Many of my students mirror these views—although not all do. Men here get paid more than women for the same jobs. But men are expected to buy an apartment or house before they can get married. And they are to buy a car before they can have a child. It means that many men have to immigrate to the less developed places in China where it is possible for young men to have a chance to buy property. Many of the educated women move into the big cities, however, for the excitement and job opportunities. In many cases it is the man’s responsibility—not a shared goal– for the family’s future, which I would think would lead to unrealistic expectations and many unhappy marriages. The tradition of a young couple moving in with the groom’s family is not popular now. They want their own places. When we had the discussion question in my classes, “Is it more important to enjoy your job or make a high salary?” the responses were about equal. And most plan to send their children to preschool instead of the traditional practice of having grandparents take care of the children. The students worry that the grandparents will love the children too much and spoil them so the children will be naughty. The students also want their future children to learn as many things as possible while they are young to give them a head start on their future years of schooling.
But back to Chen and his choices, he has four options in Hangzhou—all paid for! I saw two the two humble ones that had been given to his relatives by the Chinese government. An interior decorator and renovator would do wonders with them. Both were dark, but that could be fixed, and the one I liked better had its kitchen and bathroom open to the sky (in a city where the temperatures fall below freezing in the winter), but labor costs here are very cheap, so a renovation could take care of that easily too.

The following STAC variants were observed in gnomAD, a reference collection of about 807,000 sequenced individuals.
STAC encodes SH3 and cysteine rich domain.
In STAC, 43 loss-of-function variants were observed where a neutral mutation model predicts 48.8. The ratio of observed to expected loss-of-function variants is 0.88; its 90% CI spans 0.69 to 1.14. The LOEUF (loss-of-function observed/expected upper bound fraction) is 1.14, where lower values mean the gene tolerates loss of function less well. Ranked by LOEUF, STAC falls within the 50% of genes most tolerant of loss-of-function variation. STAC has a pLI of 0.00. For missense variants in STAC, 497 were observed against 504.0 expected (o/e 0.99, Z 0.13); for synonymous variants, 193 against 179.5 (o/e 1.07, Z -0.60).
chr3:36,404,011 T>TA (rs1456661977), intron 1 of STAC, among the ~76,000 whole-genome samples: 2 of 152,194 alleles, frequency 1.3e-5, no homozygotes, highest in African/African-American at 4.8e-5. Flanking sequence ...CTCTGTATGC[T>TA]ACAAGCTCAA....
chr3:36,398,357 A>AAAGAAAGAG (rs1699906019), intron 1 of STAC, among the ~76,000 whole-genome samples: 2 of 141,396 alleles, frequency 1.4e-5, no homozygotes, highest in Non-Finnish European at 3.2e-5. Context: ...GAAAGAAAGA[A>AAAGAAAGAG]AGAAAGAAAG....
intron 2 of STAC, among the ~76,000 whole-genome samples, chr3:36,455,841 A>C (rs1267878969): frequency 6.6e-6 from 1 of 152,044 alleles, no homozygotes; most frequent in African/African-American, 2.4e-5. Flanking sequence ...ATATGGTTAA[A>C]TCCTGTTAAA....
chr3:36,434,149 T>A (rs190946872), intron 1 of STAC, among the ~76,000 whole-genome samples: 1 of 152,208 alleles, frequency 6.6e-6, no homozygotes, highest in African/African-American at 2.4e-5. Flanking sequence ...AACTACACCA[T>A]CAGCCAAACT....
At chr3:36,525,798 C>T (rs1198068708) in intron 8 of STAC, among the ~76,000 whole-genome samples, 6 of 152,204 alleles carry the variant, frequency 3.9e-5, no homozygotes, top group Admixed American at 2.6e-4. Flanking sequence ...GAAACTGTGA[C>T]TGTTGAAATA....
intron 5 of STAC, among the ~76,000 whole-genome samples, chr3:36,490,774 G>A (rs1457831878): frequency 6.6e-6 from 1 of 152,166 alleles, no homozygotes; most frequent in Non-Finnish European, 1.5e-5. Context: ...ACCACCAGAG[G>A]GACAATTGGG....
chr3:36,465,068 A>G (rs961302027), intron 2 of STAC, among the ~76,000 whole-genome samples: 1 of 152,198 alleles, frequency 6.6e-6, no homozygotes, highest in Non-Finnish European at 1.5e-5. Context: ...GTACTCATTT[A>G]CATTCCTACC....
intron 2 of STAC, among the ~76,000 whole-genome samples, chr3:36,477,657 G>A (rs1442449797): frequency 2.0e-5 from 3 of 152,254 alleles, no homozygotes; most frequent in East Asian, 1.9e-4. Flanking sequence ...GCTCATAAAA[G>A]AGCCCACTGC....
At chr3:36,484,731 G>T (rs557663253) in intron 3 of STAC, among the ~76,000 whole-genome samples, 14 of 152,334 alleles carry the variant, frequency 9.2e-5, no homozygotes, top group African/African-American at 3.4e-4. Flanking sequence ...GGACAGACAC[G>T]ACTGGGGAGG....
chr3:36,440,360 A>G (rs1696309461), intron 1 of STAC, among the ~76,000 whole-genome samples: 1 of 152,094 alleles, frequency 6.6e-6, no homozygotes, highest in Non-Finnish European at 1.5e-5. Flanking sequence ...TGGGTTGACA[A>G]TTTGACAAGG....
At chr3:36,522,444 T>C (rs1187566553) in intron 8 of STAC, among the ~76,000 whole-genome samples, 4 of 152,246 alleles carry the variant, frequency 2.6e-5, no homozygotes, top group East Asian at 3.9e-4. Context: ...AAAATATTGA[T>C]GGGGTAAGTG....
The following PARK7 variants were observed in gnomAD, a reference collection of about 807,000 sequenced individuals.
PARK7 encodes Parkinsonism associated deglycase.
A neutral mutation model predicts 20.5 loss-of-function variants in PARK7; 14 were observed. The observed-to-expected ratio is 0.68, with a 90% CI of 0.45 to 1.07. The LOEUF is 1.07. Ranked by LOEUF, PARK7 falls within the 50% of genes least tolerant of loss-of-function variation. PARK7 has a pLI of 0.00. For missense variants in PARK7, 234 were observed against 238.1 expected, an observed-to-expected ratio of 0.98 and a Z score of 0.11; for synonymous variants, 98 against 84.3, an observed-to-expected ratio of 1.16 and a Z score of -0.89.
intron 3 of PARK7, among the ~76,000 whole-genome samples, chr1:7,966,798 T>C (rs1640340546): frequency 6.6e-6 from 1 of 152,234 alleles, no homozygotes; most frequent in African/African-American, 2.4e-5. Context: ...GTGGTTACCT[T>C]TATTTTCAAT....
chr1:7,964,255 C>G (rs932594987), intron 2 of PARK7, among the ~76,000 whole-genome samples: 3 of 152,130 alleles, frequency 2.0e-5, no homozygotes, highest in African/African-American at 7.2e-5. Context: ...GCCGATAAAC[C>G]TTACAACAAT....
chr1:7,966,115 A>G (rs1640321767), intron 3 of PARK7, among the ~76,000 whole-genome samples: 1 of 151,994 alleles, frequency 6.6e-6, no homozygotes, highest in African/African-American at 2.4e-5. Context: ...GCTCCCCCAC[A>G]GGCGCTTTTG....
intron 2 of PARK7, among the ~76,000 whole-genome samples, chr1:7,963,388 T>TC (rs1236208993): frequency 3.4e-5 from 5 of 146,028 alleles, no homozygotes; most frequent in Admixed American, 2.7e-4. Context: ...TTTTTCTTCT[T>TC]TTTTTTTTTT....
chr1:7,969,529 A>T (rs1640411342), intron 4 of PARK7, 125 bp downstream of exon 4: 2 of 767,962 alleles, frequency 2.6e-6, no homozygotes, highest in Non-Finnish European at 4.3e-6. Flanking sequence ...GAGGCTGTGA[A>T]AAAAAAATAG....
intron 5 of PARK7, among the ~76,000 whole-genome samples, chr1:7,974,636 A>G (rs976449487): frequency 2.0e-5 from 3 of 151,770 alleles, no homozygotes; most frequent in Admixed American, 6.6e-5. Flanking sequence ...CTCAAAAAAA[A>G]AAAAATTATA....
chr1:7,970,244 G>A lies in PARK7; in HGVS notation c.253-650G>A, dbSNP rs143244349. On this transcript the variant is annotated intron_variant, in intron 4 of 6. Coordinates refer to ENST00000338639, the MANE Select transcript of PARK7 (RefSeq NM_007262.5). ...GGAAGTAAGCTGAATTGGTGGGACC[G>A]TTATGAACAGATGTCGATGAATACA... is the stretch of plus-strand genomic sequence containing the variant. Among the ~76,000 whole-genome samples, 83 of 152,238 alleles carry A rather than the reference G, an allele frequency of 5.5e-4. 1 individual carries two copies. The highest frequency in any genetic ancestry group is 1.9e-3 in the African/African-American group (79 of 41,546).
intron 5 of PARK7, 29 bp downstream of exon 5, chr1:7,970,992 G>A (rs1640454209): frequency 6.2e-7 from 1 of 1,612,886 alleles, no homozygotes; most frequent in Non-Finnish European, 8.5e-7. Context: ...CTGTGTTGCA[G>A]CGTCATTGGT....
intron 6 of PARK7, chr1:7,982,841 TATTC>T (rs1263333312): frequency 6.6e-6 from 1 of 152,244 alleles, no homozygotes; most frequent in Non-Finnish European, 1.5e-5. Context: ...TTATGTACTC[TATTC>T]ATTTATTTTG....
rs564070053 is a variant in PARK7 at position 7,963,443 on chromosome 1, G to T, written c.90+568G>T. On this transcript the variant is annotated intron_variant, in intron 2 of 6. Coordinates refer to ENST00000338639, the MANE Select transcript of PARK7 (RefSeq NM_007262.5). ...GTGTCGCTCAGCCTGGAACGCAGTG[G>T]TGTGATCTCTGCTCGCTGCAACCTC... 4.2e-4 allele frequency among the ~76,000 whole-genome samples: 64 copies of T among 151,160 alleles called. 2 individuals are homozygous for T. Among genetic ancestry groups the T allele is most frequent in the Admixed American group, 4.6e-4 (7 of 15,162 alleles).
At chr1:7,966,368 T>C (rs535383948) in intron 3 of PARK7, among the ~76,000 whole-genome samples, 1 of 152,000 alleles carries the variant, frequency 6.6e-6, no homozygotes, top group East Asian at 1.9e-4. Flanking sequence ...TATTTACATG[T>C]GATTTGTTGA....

The plumbing and electricity would need to be completely changed in both. What made both small apartments so attractive was their locations: both were within walking distance to West Lake and its wonderful paths and spaces, a great book store, a wonderful bakery and coffee shop, and a fantastic noodle restaurant where Mao praised the noodles but then said the restaurant was too expensive since a bowl would cost a worker his month’s salary. During the Cultural Revolution, the restaurant changed its name to Worker and Farmer Restaurant and served 1-10 yuan noodle dishes (all under a dollar a bowl). Today, you can get a 388 yuan dish there to share (about $40) but also ones that cost about 10 yuan or a dollar.
Chen took us there for lunch. Chen and I each had a wonderful spicy mushroom noodle soup; Barry had a bok choy and shrimp noodle soup. I don’t think Mao would like the changes in modern Hangzhou, but we love it. It is a wonderful place to explore.
On Wednesday, I signed a new contract to teach here at ZAFU next semester, from Feb. 20 through July 15. I’m really enjoying teaching here. Although I have about 250 students and the way they count it, sixteen classes each week, the stress is much less than at UHMC in great part because I don’t have papers to grade since all my classes have been oral English’ and we’ve had only two meetings. Next term I will have oral English classes and two or three reading English classes for juniors. I’ll pick my favorite readings to share!
Friday, Barry headed off to Hangzhou on the 6 am teacher’s bus to meet Chen. So I’m sure you will learn more of his story later.
How are you? Do you have questions that we might be able to answer? Let us know. Stay warm. Aloha, Renée